FIG. 2 is an illustration of the memory array of FIG. 1 implemented using one of the sensing-while-programming techniques disclosed in the above-referenced patent application. To simplify the drawing, memory cells 40 and 50 are not shown. In operation, address selector circuitry 75, which can include a row decoder and/or a column decoder, applies a “start programming” signal to the read/write controller 70. The read/write controller 70 skips memory cell 20 by applying a low signal on WRITE0_1 and programs memory cell 30 by applying a high signal on WRITE0_2. The high signal on WRITE0_2 selects input 1 of multiplexor 100, which applies a voltage of nbias to the gate of the pulldown transistor 110 via multiplexor 120. After the comparator 130 senses that memory cell 30 has been programmed, the pulldown transistor 110 is turned off. Read/write controller 70 then skips memory cell 40 by applying a low signal on WRITE0_3 and programs memory cell 50 by applying a high signal on WRITE0_4. After the comparator associated with memory cell 50 senses that memory cell 50 has been programmed, the read/write controller 70 sends a “stop programming” signal to the address selector circuitry 75, which removes the programming pulse from the wordline 60.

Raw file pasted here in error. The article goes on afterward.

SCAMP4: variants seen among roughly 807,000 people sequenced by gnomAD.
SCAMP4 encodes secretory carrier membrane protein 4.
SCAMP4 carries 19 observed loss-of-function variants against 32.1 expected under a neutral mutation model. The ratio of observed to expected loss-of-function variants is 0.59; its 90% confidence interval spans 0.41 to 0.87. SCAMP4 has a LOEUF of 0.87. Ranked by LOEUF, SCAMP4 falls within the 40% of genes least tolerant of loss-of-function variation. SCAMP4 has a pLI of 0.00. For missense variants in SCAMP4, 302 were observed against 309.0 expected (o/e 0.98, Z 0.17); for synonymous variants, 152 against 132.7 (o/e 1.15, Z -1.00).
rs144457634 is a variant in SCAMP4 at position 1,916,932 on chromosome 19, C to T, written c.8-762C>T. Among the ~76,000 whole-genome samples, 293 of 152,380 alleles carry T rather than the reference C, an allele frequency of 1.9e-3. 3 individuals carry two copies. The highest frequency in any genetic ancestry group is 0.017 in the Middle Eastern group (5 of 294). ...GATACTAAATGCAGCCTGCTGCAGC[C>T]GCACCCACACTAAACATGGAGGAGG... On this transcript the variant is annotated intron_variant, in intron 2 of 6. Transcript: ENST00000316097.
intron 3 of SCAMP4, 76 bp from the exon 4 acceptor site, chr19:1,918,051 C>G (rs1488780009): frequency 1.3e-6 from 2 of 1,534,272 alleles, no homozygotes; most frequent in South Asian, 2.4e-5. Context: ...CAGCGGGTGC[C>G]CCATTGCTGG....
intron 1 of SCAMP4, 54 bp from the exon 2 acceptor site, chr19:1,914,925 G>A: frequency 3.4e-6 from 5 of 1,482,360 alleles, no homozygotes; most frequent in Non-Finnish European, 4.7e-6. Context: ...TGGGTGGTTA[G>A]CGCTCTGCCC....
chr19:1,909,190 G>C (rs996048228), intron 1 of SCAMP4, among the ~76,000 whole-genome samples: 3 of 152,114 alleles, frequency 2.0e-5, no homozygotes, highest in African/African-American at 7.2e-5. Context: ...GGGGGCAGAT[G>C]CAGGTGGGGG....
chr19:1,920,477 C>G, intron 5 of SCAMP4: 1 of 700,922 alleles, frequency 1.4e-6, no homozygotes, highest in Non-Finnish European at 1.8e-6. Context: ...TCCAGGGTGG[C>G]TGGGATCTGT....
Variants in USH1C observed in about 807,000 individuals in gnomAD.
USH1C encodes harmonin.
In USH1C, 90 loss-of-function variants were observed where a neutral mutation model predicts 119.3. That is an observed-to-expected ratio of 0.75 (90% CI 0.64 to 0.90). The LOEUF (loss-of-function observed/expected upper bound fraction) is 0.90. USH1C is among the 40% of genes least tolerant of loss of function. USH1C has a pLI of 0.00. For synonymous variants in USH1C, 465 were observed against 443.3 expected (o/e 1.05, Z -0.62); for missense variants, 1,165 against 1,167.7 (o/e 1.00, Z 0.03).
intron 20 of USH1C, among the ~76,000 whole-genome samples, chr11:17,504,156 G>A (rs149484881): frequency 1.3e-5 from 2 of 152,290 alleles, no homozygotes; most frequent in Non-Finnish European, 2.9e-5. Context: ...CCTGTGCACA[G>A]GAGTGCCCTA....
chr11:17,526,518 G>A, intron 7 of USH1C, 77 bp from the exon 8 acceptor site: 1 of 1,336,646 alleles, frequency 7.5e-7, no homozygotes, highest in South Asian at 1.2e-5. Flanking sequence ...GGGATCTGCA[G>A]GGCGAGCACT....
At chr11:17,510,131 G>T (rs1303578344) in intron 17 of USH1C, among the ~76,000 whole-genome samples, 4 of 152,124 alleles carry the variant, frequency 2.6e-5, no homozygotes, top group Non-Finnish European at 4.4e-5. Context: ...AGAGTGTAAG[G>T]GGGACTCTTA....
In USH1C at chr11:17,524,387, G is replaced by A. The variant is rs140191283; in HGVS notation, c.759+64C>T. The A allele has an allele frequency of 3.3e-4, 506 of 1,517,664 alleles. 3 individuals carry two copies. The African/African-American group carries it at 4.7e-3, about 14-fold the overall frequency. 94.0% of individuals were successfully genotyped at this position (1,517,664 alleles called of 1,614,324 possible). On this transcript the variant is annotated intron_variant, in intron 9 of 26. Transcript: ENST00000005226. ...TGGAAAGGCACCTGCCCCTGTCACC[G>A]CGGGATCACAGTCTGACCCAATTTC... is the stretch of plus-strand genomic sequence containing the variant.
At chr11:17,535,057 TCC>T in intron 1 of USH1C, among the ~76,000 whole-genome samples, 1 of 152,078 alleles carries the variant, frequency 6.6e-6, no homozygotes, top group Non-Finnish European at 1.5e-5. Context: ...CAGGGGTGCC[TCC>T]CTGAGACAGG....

It should be noted that any of the embodiments disclosed in the above-referenced patent application can be used. For example, instead of using a current-controlled bitline pulldown, a pulse-train-controlled bitline pulldown can be used. Additionally, while the memory cells were programmed sequentially in this example (i.e., bitline 55 was grounded after bitline 35 was grounded), memory cells can be simultaneously programmed (i.e., bitlines 35 and 55 can be grounded at the same time). Additionally, other alternative implementations can be used to skip bits. For example, in the above-described embodiments, the read/write controller 75 detected the logic state being written and skipped the appropriate memory cells by not grounding their bitlines. As an alternative to this “pre-write” technique of skipping bits, a “during write” technique can be used in which the bitlines of skipped memory cells are grounded, and detection circuitry associated with the memory cells is used to skip memory cells. For example, as shown in FIG. 3 with reference to memory cell 20, the WRITE0_1 signal can be applied (in inverted form) to an OR gate 140 following the comparator 150 instead of to a multiplexor interposed between the current mirroring transistor 160 and multiplexor 170. In operation, a low WRITE0_1 signal is inverted and supplied to the OR gate 140, which asserts the Programmed signal. In contrast, an inverted high WRITE0_1 signal supplies a 0 to the OR gate 140, and the Programmed signal is asserted only when the comparator 150 signals that memory cell 20 has been programmed. In another alternative, the read/write controller 75 is coupled to the comparator 150 and changes the reference voltage Vref based on the desired logic value so that the comparator 150 asserts the Programmed signal when leakage current is detected. This alternative can be implemented using a multiplexor or standard logic gates, for example.